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Preliminary Reports |

How Should We Quantify Asthma Control?*: A Proposal

Louis-Philippe Boulet, MD, FCCP; Véronique Boulet; Joanne Milot, BSc
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*From the Centre de recherche de l’Hôpital Laval, Institut de cardiologie et de pneumologie de l’Université Laval, Sainte-Foy (Québec), Canada.

Correspondence to: Louis-Philippe Boulet, MD, FCCP, Institut de cardiologie et de pneumologie de l’Université Laval, 2725, chemin Sainte-Foy, Sainte-Foy, Québec, Canada; e-mail: lpboulet@med.ulaval.ca



Chest. 2002;122(6):2217-2223. doi:10.1378/chest.122.6.2217
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Background: Current asthma guidelines suggest a series of criteria to assess if asthma is controlled. However, there is a need to develop a simple and practical method to quantify the degree of such control, both in clinical practice and research.

Study objectives: This report describes a new method to quantify asthma control based on a percentage score. It also aims at comparing the percentage scores obtained with patient’s self-evaluation of asthma control and a current validated Mini Asthma Quality of Life (MAQOL) questionnaire.

Setting and subjects: Forty-two subjects (25 female and 17 male patients) with asthma of different severity recruited from a tertiary center asthma clinic.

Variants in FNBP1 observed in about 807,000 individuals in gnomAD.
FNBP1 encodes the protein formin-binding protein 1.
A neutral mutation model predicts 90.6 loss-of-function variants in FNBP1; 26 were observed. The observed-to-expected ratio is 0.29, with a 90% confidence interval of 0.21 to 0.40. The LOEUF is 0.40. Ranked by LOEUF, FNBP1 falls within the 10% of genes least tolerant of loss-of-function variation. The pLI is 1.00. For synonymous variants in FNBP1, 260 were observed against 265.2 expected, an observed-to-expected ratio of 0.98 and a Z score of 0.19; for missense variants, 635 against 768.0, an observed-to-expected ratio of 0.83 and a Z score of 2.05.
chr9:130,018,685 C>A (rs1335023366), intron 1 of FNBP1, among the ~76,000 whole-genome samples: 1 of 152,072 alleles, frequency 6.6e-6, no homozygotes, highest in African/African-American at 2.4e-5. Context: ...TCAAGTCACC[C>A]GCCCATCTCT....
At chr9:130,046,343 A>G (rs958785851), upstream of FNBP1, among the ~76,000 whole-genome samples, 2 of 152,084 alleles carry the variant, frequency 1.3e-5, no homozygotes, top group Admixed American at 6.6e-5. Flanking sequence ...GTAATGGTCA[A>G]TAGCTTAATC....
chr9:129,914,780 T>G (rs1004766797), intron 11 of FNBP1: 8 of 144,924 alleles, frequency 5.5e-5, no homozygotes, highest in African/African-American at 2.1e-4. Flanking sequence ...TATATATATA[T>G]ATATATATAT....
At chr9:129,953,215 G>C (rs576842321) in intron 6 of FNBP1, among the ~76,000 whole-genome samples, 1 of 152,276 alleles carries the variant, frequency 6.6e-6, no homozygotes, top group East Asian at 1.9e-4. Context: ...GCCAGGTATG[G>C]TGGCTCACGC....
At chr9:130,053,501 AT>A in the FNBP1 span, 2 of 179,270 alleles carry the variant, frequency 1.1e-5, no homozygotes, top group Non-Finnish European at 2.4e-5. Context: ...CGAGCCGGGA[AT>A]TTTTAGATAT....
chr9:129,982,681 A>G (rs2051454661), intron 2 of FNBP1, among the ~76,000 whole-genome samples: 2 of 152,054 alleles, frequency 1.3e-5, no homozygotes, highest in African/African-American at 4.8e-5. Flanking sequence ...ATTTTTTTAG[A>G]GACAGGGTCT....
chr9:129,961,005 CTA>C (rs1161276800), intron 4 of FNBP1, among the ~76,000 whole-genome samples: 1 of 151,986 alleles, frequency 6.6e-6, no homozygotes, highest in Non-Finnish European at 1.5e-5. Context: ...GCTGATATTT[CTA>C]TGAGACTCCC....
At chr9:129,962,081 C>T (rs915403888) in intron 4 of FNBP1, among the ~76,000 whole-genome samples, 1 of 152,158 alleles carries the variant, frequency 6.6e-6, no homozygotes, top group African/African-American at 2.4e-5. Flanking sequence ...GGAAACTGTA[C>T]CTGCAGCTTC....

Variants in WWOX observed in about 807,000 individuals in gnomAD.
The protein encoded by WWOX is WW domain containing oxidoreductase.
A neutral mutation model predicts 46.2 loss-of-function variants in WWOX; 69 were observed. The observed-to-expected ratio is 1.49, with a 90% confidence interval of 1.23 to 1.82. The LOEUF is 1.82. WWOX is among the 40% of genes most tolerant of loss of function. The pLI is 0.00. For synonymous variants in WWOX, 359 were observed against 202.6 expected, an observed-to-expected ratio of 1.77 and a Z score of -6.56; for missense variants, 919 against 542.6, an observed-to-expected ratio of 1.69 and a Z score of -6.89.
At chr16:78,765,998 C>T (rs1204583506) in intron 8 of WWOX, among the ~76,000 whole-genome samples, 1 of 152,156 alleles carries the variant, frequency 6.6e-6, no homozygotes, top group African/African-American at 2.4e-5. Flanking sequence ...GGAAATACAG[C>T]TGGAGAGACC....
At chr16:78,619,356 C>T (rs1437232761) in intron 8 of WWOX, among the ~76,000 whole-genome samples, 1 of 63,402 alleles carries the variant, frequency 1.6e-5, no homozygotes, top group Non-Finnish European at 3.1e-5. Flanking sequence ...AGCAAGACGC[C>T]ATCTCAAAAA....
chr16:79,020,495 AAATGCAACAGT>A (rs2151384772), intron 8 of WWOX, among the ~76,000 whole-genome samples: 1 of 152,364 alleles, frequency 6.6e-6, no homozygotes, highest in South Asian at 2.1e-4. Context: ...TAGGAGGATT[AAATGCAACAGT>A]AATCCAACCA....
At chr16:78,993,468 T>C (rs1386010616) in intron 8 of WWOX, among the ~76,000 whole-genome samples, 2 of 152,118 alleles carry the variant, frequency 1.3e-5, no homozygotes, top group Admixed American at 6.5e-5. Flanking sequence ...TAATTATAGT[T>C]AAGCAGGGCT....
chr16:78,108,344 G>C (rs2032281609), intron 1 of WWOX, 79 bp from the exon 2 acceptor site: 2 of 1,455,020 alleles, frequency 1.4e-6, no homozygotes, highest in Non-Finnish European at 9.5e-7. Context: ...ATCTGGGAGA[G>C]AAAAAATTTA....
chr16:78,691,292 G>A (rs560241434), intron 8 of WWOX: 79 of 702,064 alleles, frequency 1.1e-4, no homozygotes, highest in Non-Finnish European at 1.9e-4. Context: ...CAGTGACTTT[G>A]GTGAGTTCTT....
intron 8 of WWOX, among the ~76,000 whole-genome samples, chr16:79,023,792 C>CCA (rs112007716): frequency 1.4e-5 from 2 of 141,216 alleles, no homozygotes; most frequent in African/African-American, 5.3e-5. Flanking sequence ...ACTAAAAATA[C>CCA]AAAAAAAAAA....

Methods: The asthma scoring method provided a percentage control for symptoms, baseline expiratory flows and, an optional parameter, for airway inflammation assessed from induced-sputum eosinophil count. These control parameters were compared to an overall assessment of asthma control by the patient (also on a 100% scale) and the score obtained from a validated MAQOL questionnaire.

Results: Mean ± SEM scores for symptoms, expiratory flows, and airway eosinophilia (last 2 weeks) were 87.8 ± 1.4%, 88.6 ± 1.8%, and 66.2 ± 3.9%, respectively. No significant correlation was found between these three parameters (p > 0.05). The mean global asthma control score and the score estimated by the patient were 80.9 ± 1.5% and 91.7 ± 1.5%, respectively (not significantly different). There was a significant correlation between asthma control score (percentage) and percentage symptom score (p < 0.001), while it almost achieved significance for FEV1 (p = 0.05). Only symptom scores correlated with the MAQOL questionnaire.

Conclusions: We developed a simple easy-to-use asthma control scoring system based on a percentage of optimal control. The percentage symptom score but not the global control score of this new method correlated with patient’s global assessment of asthma control. This could be a simple tool that is potentially useful both for the clinician and for research purposes, to quantify global or specific aspects of asthma control.

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asthma

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